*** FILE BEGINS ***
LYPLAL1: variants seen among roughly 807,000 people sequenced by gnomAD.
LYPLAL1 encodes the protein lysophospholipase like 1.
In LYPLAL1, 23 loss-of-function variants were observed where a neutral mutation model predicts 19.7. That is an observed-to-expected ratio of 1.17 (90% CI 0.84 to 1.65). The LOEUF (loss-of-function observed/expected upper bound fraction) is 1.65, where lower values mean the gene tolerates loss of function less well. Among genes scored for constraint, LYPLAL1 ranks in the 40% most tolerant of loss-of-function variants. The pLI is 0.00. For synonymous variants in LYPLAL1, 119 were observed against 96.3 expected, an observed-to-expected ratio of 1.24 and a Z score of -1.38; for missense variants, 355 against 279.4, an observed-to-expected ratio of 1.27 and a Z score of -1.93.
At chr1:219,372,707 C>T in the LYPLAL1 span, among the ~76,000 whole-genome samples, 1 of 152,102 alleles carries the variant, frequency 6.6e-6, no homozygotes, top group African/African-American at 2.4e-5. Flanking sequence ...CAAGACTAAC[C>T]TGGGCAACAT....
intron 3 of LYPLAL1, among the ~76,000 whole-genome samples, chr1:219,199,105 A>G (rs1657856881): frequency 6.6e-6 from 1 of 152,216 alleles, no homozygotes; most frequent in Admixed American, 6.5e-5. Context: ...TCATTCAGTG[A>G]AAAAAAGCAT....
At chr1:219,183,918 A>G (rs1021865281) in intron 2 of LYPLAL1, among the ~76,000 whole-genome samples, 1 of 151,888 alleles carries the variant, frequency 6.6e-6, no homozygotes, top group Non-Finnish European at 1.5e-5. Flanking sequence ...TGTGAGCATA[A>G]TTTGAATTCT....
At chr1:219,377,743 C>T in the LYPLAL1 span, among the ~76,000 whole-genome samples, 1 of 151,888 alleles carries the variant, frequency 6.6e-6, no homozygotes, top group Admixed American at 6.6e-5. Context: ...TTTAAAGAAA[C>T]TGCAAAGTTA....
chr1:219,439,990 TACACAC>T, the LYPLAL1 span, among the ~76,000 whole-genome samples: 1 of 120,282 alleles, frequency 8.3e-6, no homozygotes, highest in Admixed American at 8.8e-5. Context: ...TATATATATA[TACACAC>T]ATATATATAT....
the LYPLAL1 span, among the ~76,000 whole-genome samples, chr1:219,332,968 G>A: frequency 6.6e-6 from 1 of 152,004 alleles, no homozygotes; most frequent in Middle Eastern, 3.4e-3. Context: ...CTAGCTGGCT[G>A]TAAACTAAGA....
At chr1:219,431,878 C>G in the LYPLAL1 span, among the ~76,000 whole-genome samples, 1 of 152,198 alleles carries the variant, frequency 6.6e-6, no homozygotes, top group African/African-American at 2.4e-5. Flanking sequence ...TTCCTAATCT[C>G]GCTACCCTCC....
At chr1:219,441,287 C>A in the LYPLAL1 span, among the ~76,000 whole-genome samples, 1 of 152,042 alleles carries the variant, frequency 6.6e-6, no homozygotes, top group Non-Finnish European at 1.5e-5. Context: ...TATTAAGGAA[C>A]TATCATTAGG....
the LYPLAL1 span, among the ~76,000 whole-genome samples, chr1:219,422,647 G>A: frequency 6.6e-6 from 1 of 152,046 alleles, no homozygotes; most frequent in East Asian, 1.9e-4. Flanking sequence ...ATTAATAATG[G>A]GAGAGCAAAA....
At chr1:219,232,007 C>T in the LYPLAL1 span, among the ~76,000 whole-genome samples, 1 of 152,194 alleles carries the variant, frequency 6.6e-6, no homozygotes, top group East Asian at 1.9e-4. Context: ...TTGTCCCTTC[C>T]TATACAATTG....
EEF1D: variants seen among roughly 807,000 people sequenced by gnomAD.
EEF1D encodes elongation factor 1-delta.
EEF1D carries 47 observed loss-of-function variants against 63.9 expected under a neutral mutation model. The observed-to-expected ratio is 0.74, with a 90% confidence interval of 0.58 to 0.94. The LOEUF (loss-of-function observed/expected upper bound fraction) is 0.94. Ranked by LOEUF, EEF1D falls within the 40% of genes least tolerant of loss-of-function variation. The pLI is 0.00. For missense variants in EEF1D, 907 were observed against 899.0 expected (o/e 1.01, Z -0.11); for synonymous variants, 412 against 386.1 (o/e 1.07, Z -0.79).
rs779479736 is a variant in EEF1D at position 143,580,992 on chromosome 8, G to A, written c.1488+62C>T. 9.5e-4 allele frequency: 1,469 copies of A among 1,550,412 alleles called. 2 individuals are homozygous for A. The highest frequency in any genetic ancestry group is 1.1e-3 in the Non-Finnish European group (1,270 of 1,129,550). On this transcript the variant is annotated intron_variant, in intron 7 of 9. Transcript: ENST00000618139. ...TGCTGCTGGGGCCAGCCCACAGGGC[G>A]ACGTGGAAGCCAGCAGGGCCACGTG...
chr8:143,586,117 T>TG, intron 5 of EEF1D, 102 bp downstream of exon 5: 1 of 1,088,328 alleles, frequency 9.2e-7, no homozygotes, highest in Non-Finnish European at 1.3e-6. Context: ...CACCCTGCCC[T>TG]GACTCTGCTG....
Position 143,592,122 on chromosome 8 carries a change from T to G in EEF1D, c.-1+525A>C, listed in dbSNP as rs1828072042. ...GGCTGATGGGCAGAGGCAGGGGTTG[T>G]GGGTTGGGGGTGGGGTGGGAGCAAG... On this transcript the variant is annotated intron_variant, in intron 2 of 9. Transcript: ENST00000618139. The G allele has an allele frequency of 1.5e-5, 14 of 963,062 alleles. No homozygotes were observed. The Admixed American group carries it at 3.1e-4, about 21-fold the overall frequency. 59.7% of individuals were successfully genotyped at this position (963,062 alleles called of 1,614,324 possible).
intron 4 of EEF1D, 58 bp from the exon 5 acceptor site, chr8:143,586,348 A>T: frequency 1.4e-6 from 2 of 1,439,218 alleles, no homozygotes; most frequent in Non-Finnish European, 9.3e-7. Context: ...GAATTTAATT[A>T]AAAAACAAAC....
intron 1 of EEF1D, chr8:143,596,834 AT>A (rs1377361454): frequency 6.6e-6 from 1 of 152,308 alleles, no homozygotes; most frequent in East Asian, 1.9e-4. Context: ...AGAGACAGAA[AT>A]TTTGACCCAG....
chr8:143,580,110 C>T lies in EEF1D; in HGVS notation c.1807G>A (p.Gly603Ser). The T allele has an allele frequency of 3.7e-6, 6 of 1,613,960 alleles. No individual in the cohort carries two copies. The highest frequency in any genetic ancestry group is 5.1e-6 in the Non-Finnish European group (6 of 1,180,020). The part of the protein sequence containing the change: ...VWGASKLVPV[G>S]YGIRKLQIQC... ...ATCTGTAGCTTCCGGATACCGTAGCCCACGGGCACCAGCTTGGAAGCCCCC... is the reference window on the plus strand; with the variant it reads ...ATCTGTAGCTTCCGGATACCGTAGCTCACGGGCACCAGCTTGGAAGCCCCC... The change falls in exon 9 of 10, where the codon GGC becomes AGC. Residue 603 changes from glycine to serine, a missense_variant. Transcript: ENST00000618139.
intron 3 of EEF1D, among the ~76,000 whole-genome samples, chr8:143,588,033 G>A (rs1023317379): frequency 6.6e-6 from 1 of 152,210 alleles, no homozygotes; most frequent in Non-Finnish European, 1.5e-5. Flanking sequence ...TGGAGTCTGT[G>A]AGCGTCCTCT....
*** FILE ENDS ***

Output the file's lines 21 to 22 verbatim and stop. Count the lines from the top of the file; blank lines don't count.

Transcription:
intron 1 of EEF1D, chr8:143,596,834 AT>A (rs1377361454): frequency 6.6e-6 from 1 of 152,308 alleles, no homozygotes; most frequent in East Asian, 1.9e-4. Context: ...AGAGACAGAA[AT>A]TTTGACCCAG....
chr8:143,580,110 C>T lies in EEF1D; in HGVS notation c.1807G>A (p.Gly603Ser). The T allele has an allele frequency of 3.7e-6, 6 of 1,613,960 alleles. No individual in the cohort carries two copies. The highest frequency in any genetic ancestry group is 5.1e-6 in the Non-Finnish European group (6 of 1,180,020). The part of the protein sequence containing the change: ...VWGASKLVPV[G>S]YGIRKLQIQC... ...ATCTGTAGCTTCCGGATACCGTAGCCCACGGGCACCAGCTTGGAAGCCCCC... is the reference window on the plus strand; with the variant it reads ...ATCTGTAGCTTCCGGATACCGTAGCTCACGGGCACCAGCTTGGAAGCCCCC... The change falls in exon 9 of 10, where the codon GGC becomes AGC. Residue 603 changes from glycine to serine, a missense_variant. Transcript: ENST00000618139.